It's just like I was saying the other day: elderly folks with medical conditions have social lives, too. And they have their pride. They also want med gadgets with zippy features and a cool look they can show off to friends and family. Hey, they're with it.

So it's a good thing people like diabetes industry entrepreneur Robert Oringer "get it." He's behind a company called HUGOAnywhere that's offering a whole new generation of "durable medical equipment" -- ultra-convenient, affordable, and designed with flair.

Hugo_walker_2 The HUGO Rolling Walker is a lightweight ergonomic model that includes a cushioned seat and tote saddle bag. It comes in "Pacific Blue" and "Titanium Silver."

The HUGO Transport Chair is made of 100% aluminum, weighs only 22 lbs (yet can carry 300), folds up like the best baby stroller, and sports handy storage pockets and two drink holders on the seat back.

The HUGO Folding Cane System looks like some kind of next-gen sports stick: it's also lightweight aluminum and folds up to a compact 11.5 x 5 inches, with a cool black pouch for storage. You can even choose from 19 different customized cane handles -- from blue Sedona Marble to the classic red La Jolla hook.

"Our idea is to think different about medical supplies. Why should you have to go to a specialized medical supply store to get the equipment you need for daily life? Why can't you just go to Costco or Wal-Mart and buy it for your mom for $99? ... And forget waiting for MediCare to cover it!" Oringer says.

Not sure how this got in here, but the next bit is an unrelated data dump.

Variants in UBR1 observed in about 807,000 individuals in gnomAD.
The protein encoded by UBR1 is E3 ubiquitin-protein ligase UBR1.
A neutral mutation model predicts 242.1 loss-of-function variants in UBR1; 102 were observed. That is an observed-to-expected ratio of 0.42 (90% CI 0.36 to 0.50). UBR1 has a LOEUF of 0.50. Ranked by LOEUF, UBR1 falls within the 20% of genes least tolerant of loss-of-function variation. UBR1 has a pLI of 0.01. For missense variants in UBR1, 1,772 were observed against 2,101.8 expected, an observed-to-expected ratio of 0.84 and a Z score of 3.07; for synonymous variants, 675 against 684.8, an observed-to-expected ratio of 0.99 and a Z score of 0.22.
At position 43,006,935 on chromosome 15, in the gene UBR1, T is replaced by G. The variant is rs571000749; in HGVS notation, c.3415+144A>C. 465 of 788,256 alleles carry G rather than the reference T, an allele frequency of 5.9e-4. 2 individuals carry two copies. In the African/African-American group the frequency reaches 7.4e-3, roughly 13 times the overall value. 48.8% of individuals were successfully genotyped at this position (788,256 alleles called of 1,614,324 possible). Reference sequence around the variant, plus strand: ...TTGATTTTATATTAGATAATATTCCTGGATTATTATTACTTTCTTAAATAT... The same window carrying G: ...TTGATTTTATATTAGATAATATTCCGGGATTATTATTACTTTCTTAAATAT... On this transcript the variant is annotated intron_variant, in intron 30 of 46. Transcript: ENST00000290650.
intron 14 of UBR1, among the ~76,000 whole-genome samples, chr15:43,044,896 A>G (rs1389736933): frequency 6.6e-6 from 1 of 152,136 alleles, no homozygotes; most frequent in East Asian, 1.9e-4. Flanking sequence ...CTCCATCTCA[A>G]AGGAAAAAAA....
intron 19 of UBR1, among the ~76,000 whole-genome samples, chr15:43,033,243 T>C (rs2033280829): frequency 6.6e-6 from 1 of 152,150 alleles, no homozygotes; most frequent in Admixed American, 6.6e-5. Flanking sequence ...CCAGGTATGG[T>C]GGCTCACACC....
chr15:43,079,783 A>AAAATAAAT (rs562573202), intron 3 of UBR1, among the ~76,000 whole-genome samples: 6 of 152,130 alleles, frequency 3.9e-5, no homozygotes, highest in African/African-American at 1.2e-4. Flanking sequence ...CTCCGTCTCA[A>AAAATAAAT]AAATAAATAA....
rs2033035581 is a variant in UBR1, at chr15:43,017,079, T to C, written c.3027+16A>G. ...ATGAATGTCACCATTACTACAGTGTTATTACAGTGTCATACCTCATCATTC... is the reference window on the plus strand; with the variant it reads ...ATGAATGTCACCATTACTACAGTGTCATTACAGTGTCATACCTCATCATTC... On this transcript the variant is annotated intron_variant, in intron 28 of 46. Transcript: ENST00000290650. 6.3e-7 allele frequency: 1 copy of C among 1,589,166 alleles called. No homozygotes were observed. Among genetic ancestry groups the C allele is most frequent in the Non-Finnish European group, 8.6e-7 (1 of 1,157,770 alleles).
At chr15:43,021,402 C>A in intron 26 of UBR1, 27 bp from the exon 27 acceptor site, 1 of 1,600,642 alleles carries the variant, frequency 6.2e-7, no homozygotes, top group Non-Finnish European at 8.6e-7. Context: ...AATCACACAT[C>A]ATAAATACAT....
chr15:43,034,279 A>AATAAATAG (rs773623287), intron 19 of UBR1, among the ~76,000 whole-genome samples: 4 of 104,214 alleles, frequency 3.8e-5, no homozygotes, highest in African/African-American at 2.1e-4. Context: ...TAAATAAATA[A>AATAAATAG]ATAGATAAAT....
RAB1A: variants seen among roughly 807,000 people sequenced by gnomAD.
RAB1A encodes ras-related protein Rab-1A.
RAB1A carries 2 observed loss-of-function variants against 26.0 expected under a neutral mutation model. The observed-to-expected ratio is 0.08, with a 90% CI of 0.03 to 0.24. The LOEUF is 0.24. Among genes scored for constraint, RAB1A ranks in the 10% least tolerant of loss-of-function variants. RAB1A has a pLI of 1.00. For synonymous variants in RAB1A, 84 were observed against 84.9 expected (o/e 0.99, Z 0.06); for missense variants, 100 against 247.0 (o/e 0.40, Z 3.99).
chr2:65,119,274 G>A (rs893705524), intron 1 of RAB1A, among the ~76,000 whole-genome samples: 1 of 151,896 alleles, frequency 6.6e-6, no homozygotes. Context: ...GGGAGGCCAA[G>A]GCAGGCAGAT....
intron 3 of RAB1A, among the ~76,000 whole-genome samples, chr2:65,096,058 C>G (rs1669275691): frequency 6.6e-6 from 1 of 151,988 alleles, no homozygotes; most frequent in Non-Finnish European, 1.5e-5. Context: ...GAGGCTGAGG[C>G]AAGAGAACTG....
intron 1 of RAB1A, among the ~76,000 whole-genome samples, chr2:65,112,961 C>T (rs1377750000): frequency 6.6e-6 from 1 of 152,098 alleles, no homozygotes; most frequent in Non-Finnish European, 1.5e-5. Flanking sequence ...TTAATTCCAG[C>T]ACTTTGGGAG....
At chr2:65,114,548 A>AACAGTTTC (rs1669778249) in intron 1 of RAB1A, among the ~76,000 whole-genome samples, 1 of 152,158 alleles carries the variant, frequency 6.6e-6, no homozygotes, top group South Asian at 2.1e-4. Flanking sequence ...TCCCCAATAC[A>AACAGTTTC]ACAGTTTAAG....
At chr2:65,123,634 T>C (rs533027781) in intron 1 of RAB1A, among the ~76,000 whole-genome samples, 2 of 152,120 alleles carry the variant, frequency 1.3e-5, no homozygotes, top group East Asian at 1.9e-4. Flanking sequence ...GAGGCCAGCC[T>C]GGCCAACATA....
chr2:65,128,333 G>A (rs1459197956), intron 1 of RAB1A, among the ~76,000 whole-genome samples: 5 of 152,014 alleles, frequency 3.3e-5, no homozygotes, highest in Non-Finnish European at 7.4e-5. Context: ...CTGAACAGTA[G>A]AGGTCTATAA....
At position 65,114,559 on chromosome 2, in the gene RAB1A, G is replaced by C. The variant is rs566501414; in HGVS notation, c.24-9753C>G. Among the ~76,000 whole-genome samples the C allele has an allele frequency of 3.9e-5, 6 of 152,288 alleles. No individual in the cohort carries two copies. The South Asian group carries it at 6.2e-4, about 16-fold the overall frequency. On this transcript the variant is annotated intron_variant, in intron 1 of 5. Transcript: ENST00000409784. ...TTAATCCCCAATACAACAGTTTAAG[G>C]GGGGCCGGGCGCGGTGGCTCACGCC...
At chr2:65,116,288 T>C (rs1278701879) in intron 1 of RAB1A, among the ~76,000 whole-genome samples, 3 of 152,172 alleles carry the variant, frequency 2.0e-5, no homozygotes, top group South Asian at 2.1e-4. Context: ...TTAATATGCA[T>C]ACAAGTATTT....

Actually, HUGO products are already on shelves at Wal-Mart, Kmart, SAM's Club and Costco. I hadn't meant to turn this post into a product plug... it's just that I sure wish I'd known about this stuff when my Grandpa was still alive. At 99, he was still embarrassed to leave the house with his gawky walker.

Disclaimer: Content created by the Diabetes Mine team. For more details click here.


This content is created for Diabetes Mine, a consumer health blog focused on the diabetes community. The content is not medically reviewed and doesn't adhere to Healthline's editorial guidelines. For more information about Healthline's partnership with Diabetes Mine, please click here.